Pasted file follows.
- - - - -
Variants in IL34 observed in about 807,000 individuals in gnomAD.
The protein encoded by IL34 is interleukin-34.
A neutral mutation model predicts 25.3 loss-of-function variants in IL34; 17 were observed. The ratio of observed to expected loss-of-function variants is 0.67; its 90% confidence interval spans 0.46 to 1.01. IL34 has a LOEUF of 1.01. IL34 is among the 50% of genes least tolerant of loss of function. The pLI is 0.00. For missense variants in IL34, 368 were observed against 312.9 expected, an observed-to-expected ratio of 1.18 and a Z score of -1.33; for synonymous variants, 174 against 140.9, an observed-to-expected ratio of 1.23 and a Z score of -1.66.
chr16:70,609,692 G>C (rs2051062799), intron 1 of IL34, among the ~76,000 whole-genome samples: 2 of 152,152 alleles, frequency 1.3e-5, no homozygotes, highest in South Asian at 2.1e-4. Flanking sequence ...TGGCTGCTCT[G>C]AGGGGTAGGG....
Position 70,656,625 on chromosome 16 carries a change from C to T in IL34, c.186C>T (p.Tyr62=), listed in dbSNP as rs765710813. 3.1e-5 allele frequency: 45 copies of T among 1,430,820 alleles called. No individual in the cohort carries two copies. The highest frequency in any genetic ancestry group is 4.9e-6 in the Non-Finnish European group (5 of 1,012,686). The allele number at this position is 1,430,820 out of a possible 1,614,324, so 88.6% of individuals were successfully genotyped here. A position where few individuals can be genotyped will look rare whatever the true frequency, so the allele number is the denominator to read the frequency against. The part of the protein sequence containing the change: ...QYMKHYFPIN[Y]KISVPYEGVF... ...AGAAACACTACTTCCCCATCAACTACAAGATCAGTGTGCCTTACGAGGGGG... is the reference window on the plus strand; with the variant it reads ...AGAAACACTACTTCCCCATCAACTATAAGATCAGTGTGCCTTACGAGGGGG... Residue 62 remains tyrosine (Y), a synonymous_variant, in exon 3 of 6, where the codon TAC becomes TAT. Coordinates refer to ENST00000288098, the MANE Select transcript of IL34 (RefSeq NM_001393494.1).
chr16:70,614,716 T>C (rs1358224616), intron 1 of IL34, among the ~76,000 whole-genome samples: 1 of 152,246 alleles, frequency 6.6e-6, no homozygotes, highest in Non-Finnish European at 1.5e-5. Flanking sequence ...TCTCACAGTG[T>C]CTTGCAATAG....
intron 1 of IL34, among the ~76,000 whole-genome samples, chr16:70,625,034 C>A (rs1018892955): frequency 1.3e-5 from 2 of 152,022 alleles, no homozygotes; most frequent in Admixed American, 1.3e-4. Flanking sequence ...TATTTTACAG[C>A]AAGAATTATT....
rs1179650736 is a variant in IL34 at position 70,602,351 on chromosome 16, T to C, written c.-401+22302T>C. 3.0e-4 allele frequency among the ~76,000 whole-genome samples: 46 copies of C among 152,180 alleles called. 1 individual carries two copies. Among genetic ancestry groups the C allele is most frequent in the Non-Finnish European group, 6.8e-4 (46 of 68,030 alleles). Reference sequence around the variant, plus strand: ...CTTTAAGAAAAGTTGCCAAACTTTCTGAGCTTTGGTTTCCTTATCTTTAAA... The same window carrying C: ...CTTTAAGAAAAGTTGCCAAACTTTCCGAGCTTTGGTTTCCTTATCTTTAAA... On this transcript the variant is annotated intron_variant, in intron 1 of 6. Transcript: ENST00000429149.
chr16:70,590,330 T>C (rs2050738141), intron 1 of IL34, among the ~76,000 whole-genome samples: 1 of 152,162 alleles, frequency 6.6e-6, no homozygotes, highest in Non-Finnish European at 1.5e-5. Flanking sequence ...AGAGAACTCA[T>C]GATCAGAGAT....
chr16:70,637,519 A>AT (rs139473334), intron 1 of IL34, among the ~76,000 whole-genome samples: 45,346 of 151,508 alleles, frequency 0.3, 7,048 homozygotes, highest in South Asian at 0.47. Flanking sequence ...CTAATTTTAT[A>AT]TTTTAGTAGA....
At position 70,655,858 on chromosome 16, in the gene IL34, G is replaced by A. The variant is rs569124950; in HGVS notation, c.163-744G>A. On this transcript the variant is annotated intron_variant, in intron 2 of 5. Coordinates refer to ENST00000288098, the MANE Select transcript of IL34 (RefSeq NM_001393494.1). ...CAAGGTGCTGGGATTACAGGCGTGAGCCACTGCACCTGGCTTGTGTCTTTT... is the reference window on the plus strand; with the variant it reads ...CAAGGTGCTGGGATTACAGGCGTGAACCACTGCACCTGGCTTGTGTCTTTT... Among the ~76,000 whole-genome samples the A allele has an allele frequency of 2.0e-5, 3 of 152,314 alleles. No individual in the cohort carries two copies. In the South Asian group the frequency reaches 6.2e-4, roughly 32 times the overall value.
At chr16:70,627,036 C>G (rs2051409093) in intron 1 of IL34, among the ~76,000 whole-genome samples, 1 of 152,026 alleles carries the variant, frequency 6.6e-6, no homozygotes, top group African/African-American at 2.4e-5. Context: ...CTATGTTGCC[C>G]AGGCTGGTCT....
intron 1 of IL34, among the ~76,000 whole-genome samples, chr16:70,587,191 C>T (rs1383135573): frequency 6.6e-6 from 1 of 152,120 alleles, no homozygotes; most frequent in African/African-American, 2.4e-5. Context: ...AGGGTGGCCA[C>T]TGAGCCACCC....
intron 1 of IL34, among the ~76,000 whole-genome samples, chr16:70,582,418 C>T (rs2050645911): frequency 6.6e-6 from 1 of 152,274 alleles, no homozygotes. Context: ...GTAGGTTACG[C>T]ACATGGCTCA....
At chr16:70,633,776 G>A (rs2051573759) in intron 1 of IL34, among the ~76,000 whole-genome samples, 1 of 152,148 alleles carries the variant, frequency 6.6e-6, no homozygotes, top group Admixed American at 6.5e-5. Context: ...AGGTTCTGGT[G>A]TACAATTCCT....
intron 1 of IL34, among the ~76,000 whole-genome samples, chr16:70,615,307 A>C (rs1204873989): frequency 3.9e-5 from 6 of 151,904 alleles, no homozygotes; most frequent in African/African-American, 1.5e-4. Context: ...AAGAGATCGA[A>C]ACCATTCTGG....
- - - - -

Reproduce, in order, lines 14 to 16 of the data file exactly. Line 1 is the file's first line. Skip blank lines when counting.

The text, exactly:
intron 1 of IL34, among the ~76,000 whole-genome samples, chr16:70,582,418 C>T (rs2050645911): frequency 6.6e-6 from 1 of 152,274 alleles, no homozygotes. Context: ...GTAGGTTACG[C>T]ACATGGCTCA....
At chr16:70,633,776 G>A (rs2051573759) in intron 1 of IL34, among the ~76,000 whole-genome samples, 1 of 152,148 alleles carries the variant, frequency 6.6e-6, no homozygotes, top group Admixed American at 6.5e-5. Context: ...AGGTTCTGGT[G>A]TACAATTCCT....
intron 1 of IL34, among the ~76,000 whole-genome samples, chr16:70,615,307 A>C (rs1204873989): frequency 3.9e-5 from 6 of 151,904 alleles, no homozygotes; most frequent in African/African-American, 1.5e-4. Context: ...AAGAGATCGA[A>C]ACCATTCTGG....